Testicular Cancer Awareness Month

What is testicular cancer?

Cancer develops when cells grow out of control. There are two main types of testicular tumors: seminoma and nonseminoma. Nonseminomas usually grow and spread more quickly than seminomas. Testicular cancer is easier to diagnose early than many cancers and it can often be cured.

Who gets testicular cancer?

Testicular cancer is rare and seldom deadly. There are only about 8,900 newly diagnosed cases annually, according to the American Cancer Society. However, most of these occur in young or middle-aged men, and it is the most common cancer among men ages 15 to 34. Usually, this cancer can be treated successfully, resulting in only around 400 deaths per year. Testicular cancer rates have been increasing worldwide over the past few decades, but it is still uncommon.

“Testicular cancer is very treatable and unique in the sense that even if it is diagnosed at an advanced stage, patients can be cured, and the majority of patients can still have a high quality of life for a very long time,” says Dr. Anthony Addesa, Director of Oncology Services at The Medical Group of South Florida.

What are the risk factors for testicular cancer?

There are few known risk factors for developing testicular cancer, and most men and boys who get this cancer have none of them. The known risk factors include having an undescended or deformed testicle, calcium deposits in one or both testicles, being HIV-positive, and having a family history of testicular cancer. Being tall also appears to be associated with a higher risk. Injury to the testicles does not appear to increase the risk of testicular cancer.

What are the symptoms of testicular cancer?

The testicles, part of the male reproductive system, make sperm and produce male hormones such as testosterone.

During its early stages, testicular cancer may not have any symptoms, or only vague symptoms such as a dull ache in the scrotum. It is usually discovered by feeling a lump in one of the testicles. However, some men do not develop symptoms until the later stages of cancer, when it is harder to treat. As testicular cancer progresses symptoms may include: 

  • A change in how one or both testicles feel
  • Painless swelling or a lump in one testicle
  • A dull ache or feeling of heaviness in the lower abdomen or the scrotum
  • One testicle becoming larger than the other
  • Pain in the back or abdomen
  • Fluid build-up in the scrotum
  • Trouble breathing or shortness of breath
  • Weight loss
  • Soreness in the breast area

If you notice swelling or any of these other symptoms, it is important to seek medical attention. While these symptoms may not be due to cancer, it is still critical to notify your primary care doctor.

How is testicular cancer diagnosed?

Early detection and treatment of cancer increase the likelihood of long-term survival. The process of diagnosis starts with a physical exam and health history, including how long symptoms have been present. The scrotum will be checked for lumps, pain, or other abnormalities, and samples of blood and urine may be taken for testing. An ultrasound of the scrotum may be done to help determine if there are other causes for symptoms.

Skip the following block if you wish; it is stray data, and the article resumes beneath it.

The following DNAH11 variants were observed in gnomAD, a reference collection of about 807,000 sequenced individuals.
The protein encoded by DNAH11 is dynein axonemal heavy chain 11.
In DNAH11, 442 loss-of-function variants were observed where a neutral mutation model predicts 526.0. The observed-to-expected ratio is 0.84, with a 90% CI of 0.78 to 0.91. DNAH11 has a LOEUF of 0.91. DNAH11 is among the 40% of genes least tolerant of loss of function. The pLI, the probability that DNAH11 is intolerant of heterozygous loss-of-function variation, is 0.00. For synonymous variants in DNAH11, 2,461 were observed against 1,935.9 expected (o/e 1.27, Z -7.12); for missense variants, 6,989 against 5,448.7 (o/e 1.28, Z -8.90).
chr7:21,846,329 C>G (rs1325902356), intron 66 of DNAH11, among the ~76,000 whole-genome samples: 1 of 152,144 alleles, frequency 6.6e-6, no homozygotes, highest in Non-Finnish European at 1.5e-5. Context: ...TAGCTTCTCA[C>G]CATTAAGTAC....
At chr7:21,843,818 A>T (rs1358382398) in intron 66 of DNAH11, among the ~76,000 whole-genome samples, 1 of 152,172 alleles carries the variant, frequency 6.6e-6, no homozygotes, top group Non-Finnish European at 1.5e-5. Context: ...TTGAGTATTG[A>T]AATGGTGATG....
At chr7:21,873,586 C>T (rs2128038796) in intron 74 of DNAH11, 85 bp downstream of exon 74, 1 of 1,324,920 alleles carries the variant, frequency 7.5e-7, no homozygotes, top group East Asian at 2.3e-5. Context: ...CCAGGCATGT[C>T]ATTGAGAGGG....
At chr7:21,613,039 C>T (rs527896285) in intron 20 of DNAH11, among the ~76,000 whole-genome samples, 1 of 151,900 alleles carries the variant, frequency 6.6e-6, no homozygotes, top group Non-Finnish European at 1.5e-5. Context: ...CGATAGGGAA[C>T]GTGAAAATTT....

If testicular cancer is suspected after a physical exam, ultrasound, and blood tests, the patient can have affected testicle surgically removed or go the non-surgical way with Radiation Oncology.

How is testicular cancer treated?

Treatment for testicular cancer depends on how advanced the cancer is when it is detected, how large tumors are, and whether they have spread to nearby lymph nodes or other parts of the body. Most cases of testicular cancer can be treated successfully and cured.

Surgery: The most common treatment for testicular cancer is the surgical removal of the testicle that contains the tumors and the attachedspermatic cord. In more advanced cases, lymph nodes may be removed as well. Usually, removal of one testicle does not lead to infertility, but sperm may be collected and frozen for future use prior to testicle removal.

Radiation: Radiation may be used to kill cancer cells that remain after surgery or to shrink tumors that cannot be surgically removed. This has become a common non-surgical treatment and can be used in conjunction with other forms of treatment.

Chemotherapy: Traditional chemotherapy works by killing fast-growing cells, including cancer cells. It can also destroy rapidly dividing healthy cells, such as those in the gut or hair follicles, leading to side effects like nausea and hair loss.

Targeted therapy: Targeted drugs work against cancers with specific characteristics. For example, they may interfere with signaling pathways that regulate cell growth. Targeted treatment is often better tolerated than chemotherapy, but cancer may develop resistance over time.

Immunotherapy: The newest type of treatment helps the immune system fight cancer. Because testicular cancer is uncommon and often curable with surgery, immune-based therapy has not been widely studied for this type of cancer.

Your diagnosis will determine which form of therapy is best for you. Surgical removal of the testicle is a highly effective treatment for testicular cancer but is not a guarantee. That is why Dr. Addesa has been seeing more patients opting for Radiation Oncology before surgical removal.

Even if you have just been diagnosed with cancer, schedule a consultation with Dr. Addesa to learn about your options.

Questions? Talk to Dr. Anthony Addesa or call 561-622-6111 to find out more information.

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